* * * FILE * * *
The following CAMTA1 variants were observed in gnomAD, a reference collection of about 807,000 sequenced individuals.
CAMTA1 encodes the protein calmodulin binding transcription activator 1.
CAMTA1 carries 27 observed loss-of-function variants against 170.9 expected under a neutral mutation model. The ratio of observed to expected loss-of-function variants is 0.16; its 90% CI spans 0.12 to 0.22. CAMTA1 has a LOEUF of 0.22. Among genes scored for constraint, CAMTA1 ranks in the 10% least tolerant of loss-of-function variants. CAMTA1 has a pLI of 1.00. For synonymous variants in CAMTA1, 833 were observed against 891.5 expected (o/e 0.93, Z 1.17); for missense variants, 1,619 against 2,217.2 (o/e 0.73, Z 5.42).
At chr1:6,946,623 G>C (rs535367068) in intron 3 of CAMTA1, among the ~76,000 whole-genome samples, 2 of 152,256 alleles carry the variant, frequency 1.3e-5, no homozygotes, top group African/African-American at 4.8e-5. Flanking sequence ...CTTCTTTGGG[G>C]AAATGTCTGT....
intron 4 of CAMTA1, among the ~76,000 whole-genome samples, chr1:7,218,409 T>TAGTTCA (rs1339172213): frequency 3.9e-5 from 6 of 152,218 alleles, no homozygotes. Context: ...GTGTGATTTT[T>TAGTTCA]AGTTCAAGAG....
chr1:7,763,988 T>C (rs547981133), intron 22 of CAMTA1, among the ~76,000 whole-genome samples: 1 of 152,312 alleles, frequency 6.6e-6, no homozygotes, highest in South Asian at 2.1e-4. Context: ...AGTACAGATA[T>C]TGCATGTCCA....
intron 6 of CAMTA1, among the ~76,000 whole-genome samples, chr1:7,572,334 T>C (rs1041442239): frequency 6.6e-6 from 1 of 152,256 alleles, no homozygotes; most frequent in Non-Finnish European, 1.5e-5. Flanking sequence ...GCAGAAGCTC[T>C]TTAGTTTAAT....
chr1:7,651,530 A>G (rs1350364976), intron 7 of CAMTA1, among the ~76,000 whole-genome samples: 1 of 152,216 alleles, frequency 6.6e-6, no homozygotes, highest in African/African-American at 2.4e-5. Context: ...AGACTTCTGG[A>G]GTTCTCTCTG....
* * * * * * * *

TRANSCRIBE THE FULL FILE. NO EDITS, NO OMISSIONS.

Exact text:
The following CAMTA1 variants were observed in gnomAD, a reference collection of about 807,000 sequenced individuals.
CAMTA1 encodes the protein calmodulin binding transcription activator 1.
CAMTA1 carries 27 observed loss-of-function variants against 170.9 expected under a neutral mutation model. The ratio of observed to expected loss-of-function variants is 0.16; its 90% CI spans 0.12 to 0.22. CAMTA1 has a LOEUF of 0.22. Among genes scored for constraint, CAMTA1 ranks in the 10% least tolerant of loss-of-function variants. CAMTA1 has a pLI of 1.00. For synonymous variants in CAMTA1, 833 were observed against 891.5 expected (o/e 0.93, Z 1.17); for missense variants, 1,619 against 2,217.2 (o/e 0.73, Z 5.42).
At chr1:6,946,623 G>C (rs535367068) in intron 3 of CAMTA1, among the ~76,000 whole-genome samples, 2 of 152,256 alleles carry the variant, frequency 1.3e-5, no homozygotes, top group African/African-American at 4.8e-5. Flanking sequence ...CTTCTTTGGG[G>C]AAATGTCTGT....
intron 4 of CAMTA1, among the ~76,000 whole-genome samples, chr1:7,218,409 T>TAGTTCA (rs1339172213): frequency 3.9e-5 from 6 of 152,218 alleles, no homozygotes. Context: ...GTGTGATTTT[T>TAGTTCA]AGTTCAAGAG....
chr1:7,763,988 T>C (rs547981133), intron 22 of CAMTA1, among the ~76,000 whole-genome samples: 1 of 152,312 alleles, frequency 6.6e-6, no homozygotes, highest in South Asian at 2.1e-4. Context: ...AGTACAGATA[T>C]TGCATGTCCA....
intron 6 of CAMTA1, among the ~76,000 whole-genome samples, chr1:7,572,334 T>C (rs1041442239): frequency 6.6e-6 from 1 of 152,256 alleles, no homozygotes; most frequent in Non-Finnish European, 1.5e-5. Flanking sequence ...GCAGAAGCTC[T>C]TTAGTTTAAT....
chr1:7,651,530 A>G (rs1350364976), intron 7 of CAMTA1, among the ~76,000 whole-genome samples: 1 of 152,216 alleles, frequency 6.6e-6, no homozygotes, highest in African/African-American at 2.4e-5. Context: ...AGACTTCTGG[A>G]GTTCTCTCTG....